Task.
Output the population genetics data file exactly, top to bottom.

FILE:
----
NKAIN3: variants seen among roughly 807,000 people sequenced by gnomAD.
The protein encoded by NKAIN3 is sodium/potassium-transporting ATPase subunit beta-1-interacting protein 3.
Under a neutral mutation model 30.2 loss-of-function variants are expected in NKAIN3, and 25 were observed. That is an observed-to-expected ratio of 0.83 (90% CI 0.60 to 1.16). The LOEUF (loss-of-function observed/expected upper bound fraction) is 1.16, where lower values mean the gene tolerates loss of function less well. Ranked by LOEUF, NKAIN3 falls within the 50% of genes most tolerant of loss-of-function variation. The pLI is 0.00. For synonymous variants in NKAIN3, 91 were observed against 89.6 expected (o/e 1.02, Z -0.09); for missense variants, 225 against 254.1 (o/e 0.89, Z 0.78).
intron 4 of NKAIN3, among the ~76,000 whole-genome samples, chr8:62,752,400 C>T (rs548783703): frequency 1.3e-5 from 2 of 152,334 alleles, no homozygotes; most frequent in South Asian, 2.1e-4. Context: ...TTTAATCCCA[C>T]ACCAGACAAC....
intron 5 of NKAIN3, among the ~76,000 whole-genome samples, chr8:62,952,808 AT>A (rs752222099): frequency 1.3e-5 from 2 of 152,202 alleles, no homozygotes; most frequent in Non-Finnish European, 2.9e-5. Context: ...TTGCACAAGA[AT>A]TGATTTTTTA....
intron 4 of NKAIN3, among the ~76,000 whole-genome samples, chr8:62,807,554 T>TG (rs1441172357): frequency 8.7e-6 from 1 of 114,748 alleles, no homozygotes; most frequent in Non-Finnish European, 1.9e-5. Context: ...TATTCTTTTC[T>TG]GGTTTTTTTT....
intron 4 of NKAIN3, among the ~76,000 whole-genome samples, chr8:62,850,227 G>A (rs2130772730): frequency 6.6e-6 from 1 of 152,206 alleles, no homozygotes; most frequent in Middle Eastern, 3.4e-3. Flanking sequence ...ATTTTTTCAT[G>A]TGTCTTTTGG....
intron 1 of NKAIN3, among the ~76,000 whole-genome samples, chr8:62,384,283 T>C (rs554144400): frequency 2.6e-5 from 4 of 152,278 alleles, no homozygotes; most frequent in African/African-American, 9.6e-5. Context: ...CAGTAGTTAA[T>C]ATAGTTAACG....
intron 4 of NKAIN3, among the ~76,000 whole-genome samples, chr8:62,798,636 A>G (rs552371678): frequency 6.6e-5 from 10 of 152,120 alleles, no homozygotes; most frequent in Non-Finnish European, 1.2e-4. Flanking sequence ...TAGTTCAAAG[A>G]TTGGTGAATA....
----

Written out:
NKAIN3: variants seen among roughly 807,000 people sequenced by gnomAD.
The protein encoded by NKAIN3 is sodium/potassium-transporting ATPase subunit beta-1-interacting protein 3.
Under a neutral mutation model 30.2 loss-of-function variants are expected in NKAIN3, and 25 were observed. That is an observed-to-expected ratio of 0.83 (90% CI 0.60 to 1.16). The LOEUF (loss-of-function observed/expected upper bound fraction) is 1.16, where lower values mean the gene tolerates loss of function less well. Ranked by LOEUF, NKAIN3 falls within the 50% of genes most tolerant of loss-of-function variation. The pLI is 0.00. For synonymous variants in NKAIN3, 91 were observed against 89.6 expected (o/e 1.02, Z -0.09); for missense variants, 225 against 254.1 (o/e 0.89, Z 0.78).
intron 4 of NKAIN3, among the ~76,000 whole-genome samples, chr8:62,752,400 C>T (rs548783703): frequency 1.3e-5 from 2 of 152,334 alleles, no homozygotes; most frequent in South Asian, 2.1e-4. Context: ...TTTAATCCCA[C>T]ACCAGACAAC....
intron 5 of NKAIN3, among the ~76,000 whole-genome samples, chr8:62,952,808 AT>A (rs752222099): frequency 1.3e-5 from 2 of 152,202 alleles, no homozygotes; most frequent in Non-Finnish European, 2.9e-5. Context: ...TTGCACAAGA[AT>A]TGATTTTTTA....
intron 4 of NKAIN3, among the ~76,000 whole-genome samples, chr8:62,807,554 T>TG (rs1441172357): frequency 8.7e-6 from 1 of 114,748 alleles, no homozygotes; most frequent in Non-Finnish European, 1.9e-5. Context: ...TATTCTTTTC[T>TG]GGTTTTTTTT....
intron 4 of NKAIN3, among the ~76,000 whole-genome samples, chr8:62,850,227 G>A (rs2130772730): frequency 6.6e-6 from 1 of 152,206 alleles, no homozygotes; most frequent in Middle Eastern, 3.4e-3. Flanking sequence ...ATTTTTTCAT[G>A]TGTCTTTTGG....
intron 1 of NKAIN3, among the ~76,000 whole-genome samples, chr8:62,384,283 T>C (rs554144400): frequency 2.6e-5 from 4 of 152,278 alleles, no homozygotes; most frequent in African/African-American, 9.6e-5. Context: ...CAGTAGTTAA[T>C]ATAGTTAACG....
intron 4 of NKAIN3, among the ~76,000 whole-genome samples, chr8:62,798,636 A>G (rs552371678): frequency 6.6e-5 from 10 of 152,120 alleles, no homozygotes; most frequent in Non-Finnish European, 1.2e-4. Flanking sequence ...TAGTTCAAAG[A>G]TTGGTGAATA....